One of the obstacles in making the concept work was the size of the invader drones. “These things were big,” said Alec Gillis, “and to make them in foam latex would have required a bigger oven than anybody had. So, instead, we had to come up with ways of injecting polyfoam into big fiberglass molds. Rick Lazzarini came up with what he called the ‘octo-injector’, which was a big five-gallon bucket that had multiple hoses coming out of it. Six of us would sit around with one-gallon buckets and mix up the polyfoam, then dump it into this thing, cap the lid, and shoot compressed air into it, which allowed us to inject polyfoam into the multiple points all around the mold. We got our skins out and they were good enough to be patched together. It was a very big and bold thing to do, though. Stan was never one to take the safest route. He would always say, ‘There’s got to be a way.’ And then we’d brainstorm. Every idea was heard. Every idea was discussed. It was invigorating.”
Pictured above: Alec Gillis paints Shane Mahan's invader drone design maquette.
Pictured above: Shane Mahan and John Rosengrant sculpt the full-size drone in water-based clay, using a miniature as a structural guide.
Not so invigorating was the noxious gas emanating from the polyfoam drone creatures. “We were in a small room,” Howard Berger recalled, “running giant pieces, with little ventilation. And on our lunch breaks, we’d lie right on top of these big bodies we were making, because they were soft and cushy — but they were also secreting cyanide gas. So we’d be lying there, going, ‘I don’t feel so good…’ It was from making all of this stuff out of urethanes. And we knew it was toxic stuff. We’d say, ‘Hey, look, gas is coming out of the polyfoam!’ So we knew, and we did take some precautions — but we were young and stupid.”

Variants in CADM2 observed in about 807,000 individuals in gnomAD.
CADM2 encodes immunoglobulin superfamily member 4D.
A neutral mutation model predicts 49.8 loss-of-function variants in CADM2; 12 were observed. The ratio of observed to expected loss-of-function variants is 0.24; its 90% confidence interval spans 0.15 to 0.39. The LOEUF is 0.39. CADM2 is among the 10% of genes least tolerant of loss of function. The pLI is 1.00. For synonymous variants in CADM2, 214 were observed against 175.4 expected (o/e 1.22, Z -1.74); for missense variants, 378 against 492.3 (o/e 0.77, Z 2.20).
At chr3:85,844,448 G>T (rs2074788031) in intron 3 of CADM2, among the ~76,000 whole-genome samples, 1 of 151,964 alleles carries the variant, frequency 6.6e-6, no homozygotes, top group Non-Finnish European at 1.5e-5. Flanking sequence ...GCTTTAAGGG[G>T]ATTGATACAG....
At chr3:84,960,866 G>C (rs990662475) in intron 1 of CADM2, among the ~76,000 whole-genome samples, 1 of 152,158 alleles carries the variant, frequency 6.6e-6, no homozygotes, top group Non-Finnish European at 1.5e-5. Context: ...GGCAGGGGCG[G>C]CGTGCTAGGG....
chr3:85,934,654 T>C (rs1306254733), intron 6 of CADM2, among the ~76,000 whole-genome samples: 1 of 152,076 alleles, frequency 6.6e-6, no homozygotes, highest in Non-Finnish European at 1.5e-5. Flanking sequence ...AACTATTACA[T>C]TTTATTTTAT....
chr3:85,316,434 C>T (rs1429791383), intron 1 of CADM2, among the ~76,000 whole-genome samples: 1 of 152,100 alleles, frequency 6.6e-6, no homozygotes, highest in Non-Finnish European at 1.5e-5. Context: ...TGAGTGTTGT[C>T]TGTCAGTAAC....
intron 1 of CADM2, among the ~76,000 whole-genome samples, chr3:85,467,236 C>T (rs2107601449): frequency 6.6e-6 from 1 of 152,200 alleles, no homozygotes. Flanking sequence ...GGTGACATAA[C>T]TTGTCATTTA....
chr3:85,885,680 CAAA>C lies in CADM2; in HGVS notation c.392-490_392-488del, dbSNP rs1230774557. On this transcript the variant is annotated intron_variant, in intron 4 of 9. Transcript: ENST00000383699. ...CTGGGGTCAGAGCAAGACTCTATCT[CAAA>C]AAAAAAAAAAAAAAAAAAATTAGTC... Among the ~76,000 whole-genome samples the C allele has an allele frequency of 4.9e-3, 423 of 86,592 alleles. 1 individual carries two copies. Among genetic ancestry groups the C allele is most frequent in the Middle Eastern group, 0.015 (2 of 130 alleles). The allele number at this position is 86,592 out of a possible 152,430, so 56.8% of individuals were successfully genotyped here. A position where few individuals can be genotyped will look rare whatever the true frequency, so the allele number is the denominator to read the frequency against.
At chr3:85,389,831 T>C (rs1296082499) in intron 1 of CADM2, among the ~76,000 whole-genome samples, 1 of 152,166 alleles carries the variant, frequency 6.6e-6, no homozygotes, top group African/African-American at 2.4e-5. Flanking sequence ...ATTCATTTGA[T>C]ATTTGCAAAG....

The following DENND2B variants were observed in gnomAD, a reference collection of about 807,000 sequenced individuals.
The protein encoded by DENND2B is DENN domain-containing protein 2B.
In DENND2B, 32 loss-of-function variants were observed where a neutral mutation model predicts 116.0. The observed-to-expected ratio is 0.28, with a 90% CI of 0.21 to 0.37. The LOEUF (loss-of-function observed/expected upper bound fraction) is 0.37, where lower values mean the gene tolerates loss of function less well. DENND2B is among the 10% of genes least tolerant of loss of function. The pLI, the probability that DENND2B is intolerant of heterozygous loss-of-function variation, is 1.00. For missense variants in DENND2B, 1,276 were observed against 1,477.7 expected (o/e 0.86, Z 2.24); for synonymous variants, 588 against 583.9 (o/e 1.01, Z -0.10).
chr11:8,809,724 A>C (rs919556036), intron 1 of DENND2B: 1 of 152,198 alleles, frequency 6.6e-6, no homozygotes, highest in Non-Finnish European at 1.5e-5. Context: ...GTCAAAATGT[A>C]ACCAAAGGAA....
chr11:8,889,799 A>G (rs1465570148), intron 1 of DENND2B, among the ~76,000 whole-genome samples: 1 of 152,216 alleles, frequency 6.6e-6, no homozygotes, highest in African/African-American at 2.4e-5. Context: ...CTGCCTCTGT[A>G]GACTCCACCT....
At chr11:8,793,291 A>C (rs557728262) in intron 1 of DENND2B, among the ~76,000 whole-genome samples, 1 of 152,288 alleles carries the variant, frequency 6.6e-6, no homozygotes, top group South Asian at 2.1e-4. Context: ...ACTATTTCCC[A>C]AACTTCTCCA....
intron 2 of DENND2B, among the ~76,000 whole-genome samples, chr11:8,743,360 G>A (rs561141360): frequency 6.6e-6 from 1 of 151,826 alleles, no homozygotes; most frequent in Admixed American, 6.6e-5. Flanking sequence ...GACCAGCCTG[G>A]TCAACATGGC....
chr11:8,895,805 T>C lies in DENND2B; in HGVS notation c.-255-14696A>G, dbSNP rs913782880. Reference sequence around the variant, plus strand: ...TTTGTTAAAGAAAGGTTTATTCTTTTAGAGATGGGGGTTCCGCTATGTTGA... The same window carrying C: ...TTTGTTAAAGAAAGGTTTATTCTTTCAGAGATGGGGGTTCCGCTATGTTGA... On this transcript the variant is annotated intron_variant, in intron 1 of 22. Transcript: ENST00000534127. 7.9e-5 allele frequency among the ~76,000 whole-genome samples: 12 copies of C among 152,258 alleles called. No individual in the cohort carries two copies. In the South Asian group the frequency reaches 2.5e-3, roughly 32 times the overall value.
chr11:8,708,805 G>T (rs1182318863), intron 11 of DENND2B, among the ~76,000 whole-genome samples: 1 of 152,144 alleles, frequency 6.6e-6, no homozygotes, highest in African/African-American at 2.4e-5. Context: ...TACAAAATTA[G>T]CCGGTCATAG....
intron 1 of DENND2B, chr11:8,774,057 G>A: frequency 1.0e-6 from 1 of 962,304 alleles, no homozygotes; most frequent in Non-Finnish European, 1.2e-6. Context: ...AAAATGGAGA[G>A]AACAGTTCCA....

Pictured above: Testing a drone suit at Stan Winston Studio.
Pictured above: Stan Winston and crew help a performer suit up for a drone test.
Pictured above: Stan Winston with two drones on the set of Invaders From Mars. Only two alien drone suits were made for the movie. The clever editing and the use of a fully sculpted and painted but non-mechanized lighting stand-in drone created the illusion of multiple alien drones on the ship.
Pictured above: An "insert rig" is prepared for the scene where a drone eats Mrs. McKeltch.